The PLOA was founded in 2006. Since that time our small organization has achieved a great deal toward protecting and improving Perch Lake and its watershed. Here is a partial listing of our past activities to give you an understanding of the need to protect Perch Lake and how donating to the PLOA will contribute to our efforts.

The PLOA originally formed when we learned from the National Forest Service (NFS) that Perch Lake had a problem with invasive rusty crayfish. We partnered with the NFS and the University of Notre Dame to improve fish habitat for perch that prey on young crayfish. We also conducted a multi-year aquatic plant inventory to catalog the existing plant life in the lake that may be at risk from rusty crayfish predation. This catalog was then submitted to and published by Michigan State University (MSU) who partnered with us in the study. We also started a volunteer effort of trapping crayfish which resulted in the removal of thousands of these invaders each year. As a result the population appears to have reached a steady state and is no longer increasing in abundance.

We next initiated an annual comprehensive water quality monitoring program to monitor current conditions and detect any potential atypical changes in lake chemistry. This program is ongoing and the data are provided to MSU for publication.

Our next challenge arrived in the form of a notification from the NFS and Bureau of Land Management that they were planning to permit a large multi-national mining company to explore for minerals immediately adjacent to the northeast end of the lake. Discouraging this unwanted neighbor required outreach to the local township commission, hiring an attorney knowledgeable in environmental law and state mining regulations, fund raising, and activating our membership to respond with their concerns during the NFS public comment period. We were successful in preventing the exploration for minerals in large part because after much research we uncovered a stipulation in the NFS forest plan that precludes mining activity adjacent to any NFS developed site. We were able to establish that the riparian lands of the NFS campground and the proposed exploration plot across the lake actually were adjacent where their bottomlands adjoined in the middle of the lake. Mining activity adjacent to the lake would certainly have ended the wilderness experience that attracts all of us to Perch Lake.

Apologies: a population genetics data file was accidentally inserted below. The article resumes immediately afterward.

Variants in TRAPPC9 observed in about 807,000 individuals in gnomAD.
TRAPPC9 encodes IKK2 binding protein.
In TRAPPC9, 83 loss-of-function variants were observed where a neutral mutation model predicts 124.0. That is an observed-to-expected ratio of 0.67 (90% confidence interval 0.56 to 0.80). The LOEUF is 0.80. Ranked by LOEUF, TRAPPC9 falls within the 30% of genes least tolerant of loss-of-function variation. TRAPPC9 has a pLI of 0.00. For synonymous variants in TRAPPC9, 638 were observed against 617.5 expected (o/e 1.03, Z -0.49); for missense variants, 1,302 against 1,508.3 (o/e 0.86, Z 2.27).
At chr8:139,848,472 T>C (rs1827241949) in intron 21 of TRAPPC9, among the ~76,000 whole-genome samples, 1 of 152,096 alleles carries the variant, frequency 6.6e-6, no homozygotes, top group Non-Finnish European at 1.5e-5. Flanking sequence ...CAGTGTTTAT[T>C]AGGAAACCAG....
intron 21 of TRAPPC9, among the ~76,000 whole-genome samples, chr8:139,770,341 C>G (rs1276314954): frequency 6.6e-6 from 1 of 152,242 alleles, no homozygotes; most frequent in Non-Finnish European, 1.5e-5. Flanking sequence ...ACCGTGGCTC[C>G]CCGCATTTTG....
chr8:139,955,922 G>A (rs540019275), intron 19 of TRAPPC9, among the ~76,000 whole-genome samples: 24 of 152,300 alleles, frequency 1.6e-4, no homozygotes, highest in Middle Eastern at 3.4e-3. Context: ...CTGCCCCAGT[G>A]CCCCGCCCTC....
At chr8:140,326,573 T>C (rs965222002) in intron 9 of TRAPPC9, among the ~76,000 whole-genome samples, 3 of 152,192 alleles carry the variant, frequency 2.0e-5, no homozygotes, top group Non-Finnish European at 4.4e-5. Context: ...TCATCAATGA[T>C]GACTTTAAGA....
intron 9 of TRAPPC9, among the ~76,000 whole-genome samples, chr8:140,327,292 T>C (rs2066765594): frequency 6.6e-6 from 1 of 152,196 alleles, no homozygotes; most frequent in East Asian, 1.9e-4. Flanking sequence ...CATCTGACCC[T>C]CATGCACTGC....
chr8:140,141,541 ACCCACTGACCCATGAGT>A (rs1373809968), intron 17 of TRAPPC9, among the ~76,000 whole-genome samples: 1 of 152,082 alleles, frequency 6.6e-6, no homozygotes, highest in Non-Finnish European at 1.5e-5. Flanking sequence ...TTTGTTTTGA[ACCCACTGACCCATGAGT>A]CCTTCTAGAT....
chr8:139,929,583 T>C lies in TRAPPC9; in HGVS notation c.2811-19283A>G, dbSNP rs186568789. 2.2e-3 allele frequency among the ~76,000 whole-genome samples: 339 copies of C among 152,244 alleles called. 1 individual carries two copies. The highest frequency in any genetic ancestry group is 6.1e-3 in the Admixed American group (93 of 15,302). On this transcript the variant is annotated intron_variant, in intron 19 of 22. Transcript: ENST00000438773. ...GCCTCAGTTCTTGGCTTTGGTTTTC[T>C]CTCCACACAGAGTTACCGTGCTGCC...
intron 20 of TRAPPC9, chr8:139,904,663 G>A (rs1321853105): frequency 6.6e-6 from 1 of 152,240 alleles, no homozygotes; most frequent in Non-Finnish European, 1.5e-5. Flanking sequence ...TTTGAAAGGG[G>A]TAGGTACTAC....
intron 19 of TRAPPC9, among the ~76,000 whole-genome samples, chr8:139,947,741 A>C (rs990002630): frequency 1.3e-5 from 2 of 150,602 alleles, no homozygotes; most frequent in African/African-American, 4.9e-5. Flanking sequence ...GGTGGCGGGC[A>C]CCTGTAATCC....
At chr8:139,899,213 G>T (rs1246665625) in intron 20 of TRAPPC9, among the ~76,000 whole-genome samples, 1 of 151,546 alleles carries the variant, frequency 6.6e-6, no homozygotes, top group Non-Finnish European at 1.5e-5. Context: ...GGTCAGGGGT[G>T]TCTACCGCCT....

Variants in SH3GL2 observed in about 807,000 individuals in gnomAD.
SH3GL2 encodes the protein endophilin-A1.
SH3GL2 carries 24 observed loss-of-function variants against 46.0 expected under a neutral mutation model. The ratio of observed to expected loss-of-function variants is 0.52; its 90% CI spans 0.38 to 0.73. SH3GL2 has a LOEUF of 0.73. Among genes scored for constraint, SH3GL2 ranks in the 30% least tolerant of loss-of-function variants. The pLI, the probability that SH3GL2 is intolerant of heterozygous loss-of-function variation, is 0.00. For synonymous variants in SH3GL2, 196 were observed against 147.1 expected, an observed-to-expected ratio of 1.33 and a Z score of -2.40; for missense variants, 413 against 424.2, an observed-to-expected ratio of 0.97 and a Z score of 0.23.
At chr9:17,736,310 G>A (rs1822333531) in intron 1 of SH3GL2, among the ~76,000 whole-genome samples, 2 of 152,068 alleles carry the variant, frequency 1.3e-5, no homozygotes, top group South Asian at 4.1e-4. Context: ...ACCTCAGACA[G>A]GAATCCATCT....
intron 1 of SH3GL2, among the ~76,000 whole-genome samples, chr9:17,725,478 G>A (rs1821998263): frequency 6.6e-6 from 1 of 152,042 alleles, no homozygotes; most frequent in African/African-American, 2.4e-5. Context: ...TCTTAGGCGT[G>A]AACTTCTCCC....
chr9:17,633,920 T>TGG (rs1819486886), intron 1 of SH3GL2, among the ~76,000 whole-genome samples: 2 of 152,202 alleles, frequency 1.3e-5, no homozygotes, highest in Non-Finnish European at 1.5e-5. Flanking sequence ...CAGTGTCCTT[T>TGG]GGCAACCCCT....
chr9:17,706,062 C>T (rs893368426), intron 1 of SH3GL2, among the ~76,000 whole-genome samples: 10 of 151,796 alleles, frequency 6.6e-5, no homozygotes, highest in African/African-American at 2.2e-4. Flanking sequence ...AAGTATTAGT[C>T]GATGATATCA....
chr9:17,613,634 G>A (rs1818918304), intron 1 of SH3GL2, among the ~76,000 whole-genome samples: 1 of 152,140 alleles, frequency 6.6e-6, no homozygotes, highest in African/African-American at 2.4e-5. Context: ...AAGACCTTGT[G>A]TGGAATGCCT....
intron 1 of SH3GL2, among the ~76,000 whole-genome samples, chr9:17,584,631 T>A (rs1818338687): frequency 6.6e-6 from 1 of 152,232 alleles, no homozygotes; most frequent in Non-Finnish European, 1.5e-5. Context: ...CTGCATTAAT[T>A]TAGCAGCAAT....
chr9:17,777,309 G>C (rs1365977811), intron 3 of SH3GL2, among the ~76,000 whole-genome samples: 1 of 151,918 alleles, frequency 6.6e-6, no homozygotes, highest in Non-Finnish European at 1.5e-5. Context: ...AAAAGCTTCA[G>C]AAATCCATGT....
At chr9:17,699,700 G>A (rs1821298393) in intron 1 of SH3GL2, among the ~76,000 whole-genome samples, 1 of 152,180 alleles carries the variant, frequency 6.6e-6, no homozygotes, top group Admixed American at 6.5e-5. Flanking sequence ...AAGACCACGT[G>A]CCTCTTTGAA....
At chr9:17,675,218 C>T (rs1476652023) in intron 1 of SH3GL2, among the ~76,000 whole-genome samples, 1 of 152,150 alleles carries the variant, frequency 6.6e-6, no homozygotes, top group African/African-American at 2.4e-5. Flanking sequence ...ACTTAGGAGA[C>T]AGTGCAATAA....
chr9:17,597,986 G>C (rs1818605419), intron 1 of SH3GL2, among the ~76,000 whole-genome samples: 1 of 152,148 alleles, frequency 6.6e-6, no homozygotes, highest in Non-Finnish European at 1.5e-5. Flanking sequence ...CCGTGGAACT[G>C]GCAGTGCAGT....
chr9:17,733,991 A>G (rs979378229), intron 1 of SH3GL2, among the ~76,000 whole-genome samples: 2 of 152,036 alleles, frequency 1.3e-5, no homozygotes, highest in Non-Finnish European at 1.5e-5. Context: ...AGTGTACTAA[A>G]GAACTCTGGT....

Our next challenge was a proposal by the township to allow multi-family units on smaller lot sizes along the lake. Our association joined with other lake associations in the township to discourage this change to the zoning regulations.

Next came a proposed project to replace the culverts that control the flow from the outlet stream (the Perch River) with a new expansive bridge that could potentially lower the lake level. Multiple freedom of information act requests were submitted to the NFS and multiple meetings and a public hearing with the MI-DEQ were necessary to help ensure that the resulting permit would include appropriate protections to the lake level and surrounding wetlands.

The most recent and potential serious threat to the lake is the potential introduction from invasive Eurasian Water Milfoil (EWM). Each year more local lakes in the western U.P. become infested and each year our lake becomes more at risk. Through the generous funding by one of our members, we initiated a boat inspection program at the NFS boat ramp to ask boaters to allow local contractors we hired to inspect their boats and trailers prior to launch and answer a few survey questions. Virtually all boaters that were approached were appreciative of the program. From the survey information we learned that on multiple occasions local fisherman had been on lakes earlier the very same day that are known to be infested with EWM. As a result we worked with the NFS and the MI-DEQ to obtain permits to install a unique containment net at the NFS boat ramp for the purpose of containing any EWM fragments that might unintentionally be introduced into the lake. This costly program was funded completely by the PLOA members for the protection and benefit of all lake users.